Continuing with our example of a Financial Advisor – they might want to search for hashtags such as #investing, #wealthmanagement, or #smartinvesting. This will serve as a search tool for prospects and your existing audience. 

Use it as an opportunity to speak to the larger audience, not just the individual. Engagement gives a personality to your brand and allows for an extension of your customer service. Believe it or not, consumers expect brands to be active and respond to questions on their social media posts or in DM’s (direct messages).

This leads us to a big Don’t when it comes to engagement.

 

Don’t:

Ignore comments, reviews, or messages. Especially negative ones.

Gone are the days when customer service was considered a post-sale activity. Now, consumers expect brands to offer social media customer service as part of the buying cycle. Responding to a question about your product or service is seen as an extension of your marketing.

Brands that handle this well will publicly respond to a negative comment with compassion and a solution. Unanswered comments and questions are just sitting out there showing the world that your brand doesn’t care enough to respond. While it may be tempting to simply hide or delete comments that you don’t like, think of them as an opportunity to impress and sell to the 3 million other prospects on social media.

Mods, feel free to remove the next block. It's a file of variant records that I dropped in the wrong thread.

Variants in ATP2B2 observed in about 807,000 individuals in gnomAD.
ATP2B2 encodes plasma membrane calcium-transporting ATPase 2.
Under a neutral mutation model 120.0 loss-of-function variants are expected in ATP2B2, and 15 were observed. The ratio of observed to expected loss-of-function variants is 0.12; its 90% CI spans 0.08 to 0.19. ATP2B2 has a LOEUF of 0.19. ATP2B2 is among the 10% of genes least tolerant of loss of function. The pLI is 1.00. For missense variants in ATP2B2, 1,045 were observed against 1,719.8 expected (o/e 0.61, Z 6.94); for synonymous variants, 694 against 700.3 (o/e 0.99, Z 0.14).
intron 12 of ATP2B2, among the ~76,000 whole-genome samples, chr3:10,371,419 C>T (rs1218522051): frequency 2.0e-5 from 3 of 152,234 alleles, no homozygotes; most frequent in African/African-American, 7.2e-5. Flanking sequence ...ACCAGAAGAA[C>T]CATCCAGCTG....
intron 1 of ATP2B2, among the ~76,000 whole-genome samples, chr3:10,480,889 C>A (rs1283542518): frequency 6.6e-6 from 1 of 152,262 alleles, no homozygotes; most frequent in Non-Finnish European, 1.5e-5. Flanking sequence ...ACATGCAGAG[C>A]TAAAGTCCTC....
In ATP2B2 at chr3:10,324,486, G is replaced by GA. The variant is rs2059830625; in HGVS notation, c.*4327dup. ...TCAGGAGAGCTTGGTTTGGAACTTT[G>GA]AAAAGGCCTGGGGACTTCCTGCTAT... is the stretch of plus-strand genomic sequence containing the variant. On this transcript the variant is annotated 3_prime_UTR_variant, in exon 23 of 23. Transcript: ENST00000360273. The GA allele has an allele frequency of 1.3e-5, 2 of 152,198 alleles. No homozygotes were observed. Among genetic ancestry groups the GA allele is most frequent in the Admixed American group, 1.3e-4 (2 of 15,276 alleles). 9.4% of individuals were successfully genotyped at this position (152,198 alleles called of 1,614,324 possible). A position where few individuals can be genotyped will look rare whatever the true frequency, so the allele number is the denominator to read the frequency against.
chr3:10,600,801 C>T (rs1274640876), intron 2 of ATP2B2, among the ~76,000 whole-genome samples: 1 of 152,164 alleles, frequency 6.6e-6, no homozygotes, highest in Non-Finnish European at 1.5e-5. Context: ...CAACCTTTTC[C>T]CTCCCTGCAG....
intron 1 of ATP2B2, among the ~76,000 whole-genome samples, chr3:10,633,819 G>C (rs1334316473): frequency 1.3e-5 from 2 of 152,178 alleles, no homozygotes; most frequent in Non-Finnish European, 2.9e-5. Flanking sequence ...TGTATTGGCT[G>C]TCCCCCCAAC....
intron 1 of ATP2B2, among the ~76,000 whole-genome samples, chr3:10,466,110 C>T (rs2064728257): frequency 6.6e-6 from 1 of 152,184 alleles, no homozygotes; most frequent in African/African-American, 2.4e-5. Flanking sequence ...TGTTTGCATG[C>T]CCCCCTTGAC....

Main takeaway: Take the time to comment and respond to messages. Use them as an opportunity to display your empathy and problem-solving skills.

Still not convinced that social media is a good idea for your business?

Why should my business be on Social Media?

Many businesses make the mistake of creating an account on every social media platform. You instinctively start with Facebook, because that’s the biggest one you know, right?  Then you cruise over to Instagram, Twitter, and LinkedIn as well because there are millions of users there and you want to get your business in front of as many people as possible.  

The truth is that your business most likely doesn’t belong on every platform or even most of them for that matter. This brings us to our first DO:

Do:

Use social media to spy on the competition.